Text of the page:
KAMI L. RICE, OLIVIER PEYROUS, AND JC JOHNSON
Since part of our Culture Keeper team is based in France, it seems appropriate to bring you a Culture Keeper take on one of France’s biggest news stories in the waning weeks of 2018: the Gilets Jaunes (“Yellow Vests” or “Yellow Jackets”) movement that made it into foreign news outlets when their protests turned violent in Paris. We’re not a breaking news outlet by any stretch of the imagination, but we are in the business of offering a bit of cultural context where we can. Which is what we seek to do here as we experiment with a new-to-us storytelling format that we hope to perfect over time.
Early on in the English-French conversations I exchanged with my language partner during my second semester of language studies in Aix-en-Provence, I learned that she was working part-time at the airport in pursuit of her goal of becoming a flight attendant. She had previously worked as a pharmacy assistant. Despite her telling me this at least partly in French, I heard the story with only American ears. To those ears, this shift of career did not seem the least bit odd. No matter how viable or not the American Dream still is, the United States remains a generally optimistic land where you can almost always write a new story.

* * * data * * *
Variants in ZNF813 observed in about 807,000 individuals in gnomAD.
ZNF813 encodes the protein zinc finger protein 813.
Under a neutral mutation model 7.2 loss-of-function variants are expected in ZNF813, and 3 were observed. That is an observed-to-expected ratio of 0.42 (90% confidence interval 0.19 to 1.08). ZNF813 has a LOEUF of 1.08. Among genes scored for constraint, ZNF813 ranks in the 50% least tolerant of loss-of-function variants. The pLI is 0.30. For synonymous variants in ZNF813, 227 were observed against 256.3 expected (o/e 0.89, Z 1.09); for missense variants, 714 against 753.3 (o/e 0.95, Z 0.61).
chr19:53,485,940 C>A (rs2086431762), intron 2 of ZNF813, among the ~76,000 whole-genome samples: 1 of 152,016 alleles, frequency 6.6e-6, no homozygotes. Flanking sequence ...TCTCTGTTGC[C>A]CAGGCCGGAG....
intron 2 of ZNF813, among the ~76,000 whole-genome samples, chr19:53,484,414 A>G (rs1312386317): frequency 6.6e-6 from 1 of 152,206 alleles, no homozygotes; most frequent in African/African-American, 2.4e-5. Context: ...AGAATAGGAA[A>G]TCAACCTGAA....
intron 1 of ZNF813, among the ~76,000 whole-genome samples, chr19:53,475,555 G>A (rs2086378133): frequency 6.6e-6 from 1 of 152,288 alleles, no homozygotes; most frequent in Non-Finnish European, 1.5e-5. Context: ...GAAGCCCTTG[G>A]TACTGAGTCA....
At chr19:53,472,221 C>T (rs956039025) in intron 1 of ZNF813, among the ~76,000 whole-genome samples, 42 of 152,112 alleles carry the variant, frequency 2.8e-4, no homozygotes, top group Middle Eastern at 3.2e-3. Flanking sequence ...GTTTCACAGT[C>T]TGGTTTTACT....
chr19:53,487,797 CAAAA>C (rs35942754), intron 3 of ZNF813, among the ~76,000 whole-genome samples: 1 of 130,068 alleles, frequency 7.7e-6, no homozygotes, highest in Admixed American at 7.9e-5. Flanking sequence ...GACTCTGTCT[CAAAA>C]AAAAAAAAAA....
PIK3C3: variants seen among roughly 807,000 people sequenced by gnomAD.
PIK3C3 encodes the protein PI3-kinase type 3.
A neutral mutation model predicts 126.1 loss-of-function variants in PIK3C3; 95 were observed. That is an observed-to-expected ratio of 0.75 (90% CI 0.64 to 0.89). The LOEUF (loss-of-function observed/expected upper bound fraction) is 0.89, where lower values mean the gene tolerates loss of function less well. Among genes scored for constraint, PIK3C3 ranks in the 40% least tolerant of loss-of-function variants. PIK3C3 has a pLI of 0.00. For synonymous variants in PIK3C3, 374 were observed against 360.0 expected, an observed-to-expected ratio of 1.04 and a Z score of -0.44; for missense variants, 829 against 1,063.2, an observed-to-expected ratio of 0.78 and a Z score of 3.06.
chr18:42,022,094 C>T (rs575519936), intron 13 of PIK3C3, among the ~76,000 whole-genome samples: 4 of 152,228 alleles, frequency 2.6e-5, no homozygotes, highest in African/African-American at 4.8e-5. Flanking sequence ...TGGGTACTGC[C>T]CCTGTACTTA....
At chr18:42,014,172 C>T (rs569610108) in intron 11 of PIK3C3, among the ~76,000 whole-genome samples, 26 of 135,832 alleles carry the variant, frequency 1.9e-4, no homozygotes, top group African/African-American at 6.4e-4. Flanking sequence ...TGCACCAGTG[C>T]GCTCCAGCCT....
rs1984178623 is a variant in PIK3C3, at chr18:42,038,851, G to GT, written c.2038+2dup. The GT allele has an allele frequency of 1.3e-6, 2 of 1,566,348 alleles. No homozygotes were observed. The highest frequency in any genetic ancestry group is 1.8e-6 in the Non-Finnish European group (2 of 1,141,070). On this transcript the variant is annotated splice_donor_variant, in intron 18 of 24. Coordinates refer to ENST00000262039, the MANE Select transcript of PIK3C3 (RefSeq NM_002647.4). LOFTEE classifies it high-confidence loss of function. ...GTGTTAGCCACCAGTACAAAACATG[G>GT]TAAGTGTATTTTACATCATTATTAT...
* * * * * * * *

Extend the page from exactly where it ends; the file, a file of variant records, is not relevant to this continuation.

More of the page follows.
The longer I’ve lived in France, the more I’ve learned how courageous my language-partner-turned-dear-friend was being. In France the trajectory between studies and career tends to be pretty straight, and once you’re on a particular path, it’s pretty rare to try out a different one. Societal and employment structures make it pretty challenging to do so.
And this is just the beginning of how the context around employment, economic expectations, and business differs between France and other countries.
In this posting from Culture Keeper, we’ve paired photos from the Yellow Vests protests in Paris and in Pau with some French voices who guide us into an exploration, far from exhaustive though it is, of the present context in which the Yellow Vests protests have been taking place. Located in the far southwestern corner of France at the base of the Pyrenees, roughly eight hours by car from the French capital, Pau is a town of 78,000 that serves as the capital of the Pyrénées-Atlantiques department.